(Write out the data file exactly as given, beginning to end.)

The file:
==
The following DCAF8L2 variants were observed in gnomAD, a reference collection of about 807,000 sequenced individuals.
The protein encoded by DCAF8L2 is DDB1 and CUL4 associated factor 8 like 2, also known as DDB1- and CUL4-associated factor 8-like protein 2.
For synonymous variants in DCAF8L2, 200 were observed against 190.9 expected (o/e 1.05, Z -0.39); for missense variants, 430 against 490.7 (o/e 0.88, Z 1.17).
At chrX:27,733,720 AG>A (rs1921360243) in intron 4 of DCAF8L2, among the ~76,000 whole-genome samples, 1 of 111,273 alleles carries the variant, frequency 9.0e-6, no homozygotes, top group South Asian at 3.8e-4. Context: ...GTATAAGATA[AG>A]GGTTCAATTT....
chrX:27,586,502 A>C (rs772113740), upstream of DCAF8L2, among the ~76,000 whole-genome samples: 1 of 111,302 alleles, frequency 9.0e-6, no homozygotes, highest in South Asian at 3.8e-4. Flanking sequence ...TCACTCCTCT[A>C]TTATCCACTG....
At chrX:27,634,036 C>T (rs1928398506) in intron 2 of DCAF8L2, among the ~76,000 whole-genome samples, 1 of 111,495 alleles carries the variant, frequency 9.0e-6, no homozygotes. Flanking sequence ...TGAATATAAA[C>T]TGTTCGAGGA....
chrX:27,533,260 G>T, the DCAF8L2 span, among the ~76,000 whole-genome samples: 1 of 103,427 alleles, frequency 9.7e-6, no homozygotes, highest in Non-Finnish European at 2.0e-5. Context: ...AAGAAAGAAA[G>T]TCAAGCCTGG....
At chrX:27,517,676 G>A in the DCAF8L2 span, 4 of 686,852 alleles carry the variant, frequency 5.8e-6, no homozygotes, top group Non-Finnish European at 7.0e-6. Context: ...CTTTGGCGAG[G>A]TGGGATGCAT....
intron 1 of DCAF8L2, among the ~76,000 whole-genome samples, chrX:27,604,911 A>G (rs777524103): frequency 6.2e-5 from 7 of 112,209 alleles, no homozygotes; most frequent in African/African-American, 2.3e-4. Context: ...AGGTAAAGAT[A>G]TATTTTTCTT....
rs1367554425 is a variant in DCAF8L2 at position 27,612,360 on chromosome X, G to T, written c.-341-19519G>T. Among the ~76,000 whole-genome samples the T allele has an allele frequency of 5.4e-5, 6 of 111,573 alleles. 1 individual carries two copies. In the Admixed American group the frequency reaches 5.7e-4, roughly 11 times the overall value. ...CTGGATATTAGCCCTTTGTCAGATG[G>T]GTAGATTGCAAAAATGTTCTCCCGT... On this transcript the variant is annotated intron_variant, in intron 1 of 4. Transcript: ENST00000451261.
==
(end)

The following DCAF8L2 variants were observed in gnomAD, a reference collection of about 807,000 sequenced individuals.
The protein encoded by DCAF8L2 is DDB1 and CUL4 associated factor 8 like 2, also known as DDB1- and CUL4-associated factor 8-like protein 2.
For synonymous variants in DCAF8L2, 200 were observed against 190.9 expected (o/e 1.05, Z -0.39); for missense variants, 430 against 490.7 (o/e 0.88, Z 1.17).
At chrX:27,733,720 AG>A (rs1921360243) in intron 4 of DCAF8L2, among the ~76,000 whole-genome samples, 1 of 111,273 alleles carries the variant, frequency 9.0e-6, no homozygotes, top group South Asian at 3.8e-4. Context: ...GTATAAGATA[AG>A]GGTTCAATTT....
chrX:27,586,502 A>C (rs772113740), upstream of DCAF8L2, among the ~76,000 whole-genome samples: 1 of 111,302 alleles, frequency 9.0e-6, no homozygotes, highest in South Asian at 3.8e-4. Flanking sequence ...TCACTCCTCT[A>C]TTATCCACTG....
At chrX:27,634,036 C>T (rs1928398506) in intron 2 of DCAF8L2, among the ~76,000 whole-genome samples, 1 of 111,495 alleles carries the variant, frequency 9.0e-6, no homozygotes. Flanking sequence ...TGAATATAAA[C>T]TGTTCGAGGA....
chrX:27,533,260 G>T, the DCAF8L2 span, among the ~76,000 whole-genome samples: 1 of 103,427 alleles, frequency 9.7e-6, no homozygotes, highest in Non-Finnish European at 2.0e-5. Context: ...AAGAAAGAAA[G>T]TCAAGCCTGG....
At chrX:27,517,676 G>A in the DCAF8L2 span, 4 of 686,852 alleles carry the variant, frequency 5.8e-6, no homozygotes, top group Non-Finnish European at 7.0e-6. Context: ...CTTTGGCGAG[G>A]TGGGATGCAT....
intron 1 of DCAF8L2, among the ~76,000 whole-genome samples, chrX:27,604,911 A>G (rs777524103): frequency 6.2e-5 from 7 of 112,209 alleles, no homozygotes; most frequent in African/African-American, 2.3e-4. Context: ...AGGTAAAGAT[A>G]TATTTTTCTT....
rs1367554425 is a variant in DCAF8L2 at position 27,612,360 on chromosome X, G to T, written c.-341-19519G>T. Among the ~76,000 whole-genome samples the T allele has an allele frequency of 5.4e-5, 6 of 111,573 alleles. 1 individual carries two copies. In the Admixed American group the frequency reaches 5.7e-4, roughly 11 times the overall value. ...CTGGATATTAGCCCTTTGTCAGATG[G>T]GTAGATTGCAAAAATGTTCTCCCGT... On this transcript the variant is annotated intron_variant, in intron 1 of 4. Transcript: ENST00000451261.